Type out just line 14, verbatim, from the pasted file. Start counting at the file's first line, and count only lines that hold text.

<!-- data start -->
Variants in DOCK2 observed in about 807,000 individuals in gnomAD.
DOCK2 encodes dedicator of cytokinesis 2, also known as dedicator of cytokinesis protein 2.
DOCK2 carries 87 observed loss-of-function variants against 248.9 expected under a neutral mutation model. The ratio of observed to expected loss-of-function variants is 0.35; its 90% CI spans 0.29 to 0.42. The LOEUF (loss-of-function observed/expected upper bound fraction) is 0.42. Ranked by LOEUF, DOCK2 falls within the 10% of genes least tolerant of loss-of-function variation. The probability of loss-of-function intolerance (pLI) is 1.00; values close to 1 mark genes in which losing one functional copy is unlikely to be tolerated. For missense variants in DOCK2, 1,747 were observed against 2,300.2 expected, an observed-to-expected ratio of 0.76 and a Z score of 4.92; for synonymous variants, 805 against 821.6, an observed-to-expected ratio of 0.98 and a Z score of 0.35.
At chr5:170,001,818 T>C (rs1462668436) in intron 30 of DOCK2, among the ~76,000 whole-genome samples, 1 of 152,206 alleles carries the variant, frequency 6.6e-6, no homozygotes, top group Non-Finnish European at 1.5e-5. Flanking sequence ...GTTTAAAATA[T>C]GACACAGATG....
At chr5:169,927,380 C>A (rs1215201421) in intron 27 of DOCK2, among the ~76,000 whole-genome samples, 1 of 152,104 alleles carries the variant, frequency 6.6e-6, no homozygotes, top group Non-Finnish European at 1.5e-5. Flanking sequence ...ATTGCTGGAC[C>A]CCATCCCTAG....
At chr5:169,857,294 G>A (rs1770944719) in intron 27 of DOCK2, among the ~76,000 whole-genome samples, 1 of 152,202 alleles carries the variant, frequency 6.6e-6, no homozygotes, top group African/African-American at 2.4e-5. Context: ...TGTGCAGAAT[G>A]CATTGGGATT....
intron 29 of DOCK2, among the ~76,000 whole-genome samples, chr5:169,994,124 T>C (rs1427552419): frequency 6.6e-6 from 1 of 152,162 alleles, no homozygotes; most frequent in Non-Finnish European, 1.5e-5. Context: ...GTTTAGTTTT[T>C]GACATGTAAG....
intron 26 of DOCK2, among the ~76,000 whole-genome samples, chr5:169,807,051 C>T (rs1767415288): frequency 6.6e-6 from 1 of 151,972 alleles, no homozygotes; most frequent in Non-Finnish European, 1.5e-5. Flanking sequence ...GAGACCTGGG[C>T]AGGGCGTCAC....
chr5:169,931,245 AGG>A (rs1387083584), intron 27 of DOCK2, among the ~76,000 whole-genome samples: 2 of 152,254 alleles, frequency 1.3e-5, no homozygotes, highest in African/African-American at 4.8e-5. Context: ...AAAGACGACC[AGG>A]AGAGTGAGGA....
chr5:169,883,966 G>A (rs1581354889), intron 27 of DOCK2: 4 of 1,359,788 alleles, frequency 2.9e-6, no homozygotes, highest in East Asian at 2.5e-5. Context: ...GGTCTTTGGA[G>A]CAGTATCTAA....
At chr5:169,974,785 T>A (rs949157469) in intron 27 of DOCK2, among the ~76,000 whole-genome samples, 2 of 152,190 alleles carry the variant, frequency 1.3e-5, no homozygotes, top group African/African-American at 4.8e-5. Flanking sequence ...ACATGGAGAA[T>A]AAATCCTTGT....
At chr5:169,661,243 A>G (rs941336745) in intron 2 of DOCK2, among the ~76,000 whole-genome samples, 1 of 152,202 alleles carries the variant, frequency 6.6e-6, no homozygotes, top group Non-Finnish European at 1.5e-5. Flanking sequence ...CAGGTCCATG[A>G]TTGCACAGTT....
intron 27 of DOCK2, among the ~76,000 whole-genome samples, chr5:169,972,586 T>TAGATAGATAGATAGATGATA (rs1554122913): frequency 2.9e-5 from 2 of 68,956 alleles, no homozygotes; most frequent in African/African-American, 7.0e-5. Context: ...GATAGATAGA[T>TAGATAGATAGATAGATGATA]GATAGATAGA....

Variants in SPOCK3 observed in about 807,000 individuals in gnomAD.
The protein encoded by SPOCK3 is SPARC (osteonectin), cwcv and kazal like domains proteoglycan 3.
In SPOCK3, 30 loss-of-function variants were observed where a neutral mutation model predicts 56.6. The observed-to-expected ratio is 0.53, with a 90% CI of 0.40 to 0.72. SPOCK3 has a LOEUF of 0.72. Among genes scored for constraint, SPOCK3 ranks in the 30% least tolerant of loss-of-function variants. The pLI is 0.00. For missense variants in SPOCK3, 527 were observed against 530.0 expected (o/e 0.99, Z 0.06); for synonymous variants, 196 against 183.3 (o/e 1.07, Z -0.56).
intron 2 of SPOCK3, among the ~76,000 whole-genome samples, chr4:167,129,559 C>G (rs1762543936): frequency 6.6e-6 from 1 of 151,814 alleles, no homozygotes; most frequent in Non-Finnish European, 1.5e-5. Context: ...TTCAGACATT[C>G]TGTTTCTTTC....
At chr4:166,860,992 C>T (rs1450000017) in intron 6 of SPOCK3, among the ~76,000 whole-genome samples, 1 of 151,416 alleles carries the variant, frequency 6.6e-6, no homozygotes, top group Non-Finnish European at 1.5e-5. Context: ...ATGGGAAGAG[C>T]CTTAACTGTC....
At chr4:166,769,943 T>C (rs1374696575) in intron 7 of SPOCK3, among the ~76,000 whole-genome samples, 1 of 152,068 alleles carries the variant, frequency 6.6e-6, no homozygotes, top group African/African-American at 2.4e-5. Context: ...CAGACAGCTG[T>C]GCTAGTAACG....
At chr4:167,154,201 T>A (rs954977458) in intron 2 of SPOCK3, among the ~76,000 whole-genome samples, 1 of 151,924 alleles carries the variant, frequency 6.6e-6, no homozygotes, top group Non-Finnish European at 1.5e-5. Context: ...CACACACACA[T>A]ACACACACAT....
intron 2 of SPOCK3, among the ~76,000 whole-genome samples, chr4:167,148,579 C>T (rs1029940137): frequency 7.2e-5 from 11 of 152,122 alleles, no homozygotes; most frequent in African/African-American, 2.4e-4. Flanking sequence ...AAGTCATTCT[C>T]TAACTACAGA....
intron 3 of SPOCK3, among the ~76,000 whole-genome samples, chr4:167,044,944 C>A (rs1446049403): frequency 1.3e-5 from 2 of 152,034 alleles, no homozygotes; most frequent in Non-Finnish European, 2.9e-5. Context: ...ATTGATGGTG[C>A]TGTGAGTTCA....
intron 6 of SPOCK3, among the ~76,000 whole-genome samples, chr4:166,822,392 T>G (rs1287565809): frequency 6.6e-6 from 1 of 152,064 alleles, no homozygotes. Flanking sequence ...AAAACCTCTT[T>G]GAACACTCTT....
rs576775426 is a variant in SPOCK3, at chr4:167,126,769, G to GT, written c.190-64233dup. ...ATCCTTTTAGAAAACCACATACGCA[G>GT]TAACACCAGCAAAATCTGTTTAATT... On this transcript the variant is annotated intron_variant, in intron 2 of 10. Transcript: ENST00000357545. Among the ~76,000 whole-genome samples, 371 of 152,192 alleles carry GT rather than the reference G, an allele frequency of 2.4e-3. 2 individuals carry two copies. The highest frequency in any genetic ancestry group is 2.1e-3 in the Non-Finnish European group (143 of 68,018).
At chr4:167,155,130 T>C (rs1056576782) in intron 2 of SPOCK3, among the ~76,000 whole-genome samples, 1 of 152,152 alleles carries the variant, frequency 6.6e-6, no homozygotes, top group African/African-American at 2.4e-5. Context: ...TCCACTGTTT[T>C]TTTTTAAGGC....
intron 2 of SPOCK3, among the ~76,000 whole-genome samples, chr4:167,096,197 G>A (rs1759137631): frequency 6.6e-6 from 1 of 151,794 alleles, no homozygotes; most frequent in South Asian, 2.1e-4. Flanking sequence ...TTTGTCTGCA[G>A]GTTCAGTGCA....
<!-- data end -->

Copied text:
Variants in SPOCK3 observed in about 807,000 individuals in gnomAD.